What industry sectors does the agency specialise in?
We focus on five key markets: financial services, B2B technology, energy, engineering and event marketing. We know these sectors and the media supporting them inside out, all over the world.
What is special about the agency’s approach to PR?
We make it our business to find out the issues that really matter to our clients’ prospects and then work on ways of pressing those buttons and creating a dialogue.
Our success hinges on two factors: the quality of the storyline ideas and content that we produce, alongside our ability to use the internet and social media to maximise the impact of the coverage we achieve for our clients in the mainstream media.
Clients come to us because of our niche market knowledge. As we have grown, both in terms of geography and head count, our knowledge has become broader and deeper and our new sectors reflect the expertise within the agency. We have a long track record in engineering PR and are seeing a steady increase in the number of companies wanting to work with us, drawing on the fantastic international knowledge base within the practice. At the same time, we have put in place a ‘no brainer’ proposition for the events industry. Tried and tested on some of the biggest players within the sector, we have developed an event marketing methodology that harnesses both traditional and social media to boost the profile of a client’s event dramatically, drives up exhibitor numbers and significantly increases attendance.
How do you ensure your clients get the right coverage in the press?
Our job is to get in the face of our clients’ target audiences. We don’t just want our clients to be noticed – we actually want to change the whole relationship between them and the people they are trying to reach.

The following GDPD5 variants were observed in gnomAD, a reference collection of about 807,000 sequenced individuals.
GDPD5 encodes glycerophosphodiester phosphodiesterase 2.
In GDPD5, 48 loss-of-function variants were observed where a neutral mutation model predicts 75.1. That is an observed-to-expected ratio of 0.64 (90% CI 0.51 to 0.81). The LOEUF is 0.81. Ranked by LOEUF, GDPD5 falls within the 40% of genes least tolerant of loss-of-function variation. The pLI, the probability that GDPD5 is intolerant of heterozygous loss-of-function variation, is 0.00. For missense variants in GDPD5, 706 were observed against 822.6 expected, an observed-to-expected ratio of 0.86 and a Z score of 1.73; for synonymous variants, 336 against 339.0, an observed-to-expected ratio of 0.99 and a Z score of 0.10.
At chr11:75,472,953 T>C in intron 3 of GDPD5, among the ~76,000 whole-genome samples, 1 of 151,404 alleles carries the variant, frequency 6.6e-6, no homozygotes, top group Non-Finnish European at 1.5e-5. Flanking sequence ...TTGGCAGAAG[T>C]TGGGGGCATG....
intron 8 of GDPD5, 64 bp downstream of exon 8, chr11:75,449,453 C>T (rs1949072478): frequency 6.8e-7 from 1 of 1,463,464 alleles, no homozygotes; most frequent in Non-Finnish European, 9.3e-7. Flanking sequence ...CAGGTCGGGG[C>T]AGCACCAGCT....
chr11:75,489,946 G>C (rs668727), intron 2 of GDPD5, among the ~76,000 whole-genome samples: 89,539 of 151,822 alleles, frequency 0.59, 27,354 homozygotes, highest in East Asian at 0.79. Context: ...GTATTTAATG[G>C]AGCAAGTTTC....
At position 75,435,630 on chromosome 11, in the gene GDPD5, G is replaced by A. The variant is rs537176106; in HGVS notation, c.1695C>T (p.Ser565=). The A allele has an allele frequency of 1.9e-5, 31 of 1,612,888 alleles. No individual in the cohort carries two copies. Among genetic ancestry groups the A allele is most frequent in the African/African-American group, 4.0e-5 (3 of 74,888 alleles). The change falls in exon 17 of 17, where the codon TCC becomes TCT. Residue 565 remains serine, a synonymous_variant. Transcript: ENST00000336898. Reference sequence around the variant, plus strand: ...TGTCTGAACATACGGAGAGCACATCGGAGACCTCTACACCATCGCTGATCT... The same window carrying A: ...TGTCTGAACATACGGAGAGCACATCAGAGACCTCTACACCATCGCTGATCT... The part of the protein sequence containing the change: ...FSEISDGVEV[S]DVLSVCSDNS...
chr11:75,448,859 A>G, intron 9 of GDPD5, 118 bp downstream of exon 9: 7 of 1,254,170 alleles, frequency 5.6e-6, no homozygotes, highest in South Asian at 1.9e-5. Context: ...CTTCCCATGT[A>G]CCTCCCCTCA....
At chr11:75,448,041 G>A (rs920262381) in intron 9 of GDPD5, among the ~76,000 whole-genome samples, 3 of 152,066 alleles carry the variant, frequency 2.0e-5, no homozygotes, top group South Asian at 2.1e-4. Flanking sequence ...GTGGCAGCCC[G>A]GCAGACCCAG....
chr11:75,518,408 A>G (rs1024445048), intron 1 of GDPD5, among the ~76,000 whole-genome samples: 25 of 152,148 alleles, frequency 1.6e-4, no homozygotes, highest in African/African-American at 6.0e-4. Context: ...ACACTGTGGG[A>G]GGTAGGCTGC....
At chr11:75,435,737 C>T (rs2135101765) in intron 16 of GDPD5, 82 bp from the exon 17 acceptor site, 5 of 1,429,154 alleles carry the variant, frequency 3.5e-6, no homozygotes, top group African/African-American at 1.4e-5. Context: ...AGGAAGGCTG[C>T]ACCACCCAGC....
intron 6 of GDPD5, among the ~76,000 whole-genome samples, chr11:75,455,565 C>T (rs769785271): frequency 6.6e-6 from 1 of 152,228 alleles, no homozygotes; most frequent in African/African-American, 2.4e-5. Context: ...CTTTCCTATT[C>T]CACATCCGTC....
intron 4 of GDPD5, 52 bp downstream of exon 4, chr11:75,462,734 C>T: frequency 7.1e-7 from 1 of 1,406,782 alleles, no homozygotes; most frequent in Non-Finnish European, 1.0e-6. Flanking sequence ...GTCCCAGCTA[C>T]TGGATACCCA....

In a crowded media market, quality content is key. Using our own writers, we develop what we call storyline packages – copy, research, facts and stats, third party contacts; in fact, everything that a senior journalist would need to develop their own versions of our story.
In your opinion, what are the main challenges facing PR today?
There is undoubtedly an art to producing ideas and material that will really appeal to our clients’ customers. If you’ve got a great idea then you need to get it out there through every channel and in every form available to you. If it works as an article, then repackage it as an e-newsletter, make it the key theme in a customer testimonial or case study. Driving it through social media channels is the difference between it being seen by a handful of people and being picked up and passed on by tens of thousands.
Can you list some of your most well-known, or respected clients?
Within their niche sectors we are lucky to work with a group of clients who, if not always well-known, are well-respected. Outside their particular sectors our clients are generally less well known but they do include brands like Fidessa, Elster, Pennwell, UBM and Baringa Partners (the UK’s best place to work).
Tell us about a client you recently worked with. What was the company’s brief, your approach and the result?
Our financial services practice is particularly pleased with an ongoing campaign for Asset Control.
Asset Control wanted to move away from being seen as a “pipes and plumbing” data management infrastructure provider. Only six months into the campaign, Asset Control is now associated with major industry trends, continually demonstrating its understanding of the challenges facing clients and markets. How did we get there?
It started with an initial project to build and refine messaging, tagline and product positioning, all tested against key influencers in Asset Control's market. Intensive media training, specifically around the new messaging, followed quickly to ensure that all press opportunities were capitalised on and really delivered for Asset Control. Good job, since these press opportunities started coming thick and fast once we kicked off the PR campaign. Built upon storylines we devised to complement the messaging, these core ideas drove by-lined articles, press releases, interviews and even award entries all closely tied to Asset Control's key messages. All this ran through social media channels in a co-ordinated way, with the content tailored for each platform, to engage the audience and supercharge SEO. That was how we ensured the message made its mark.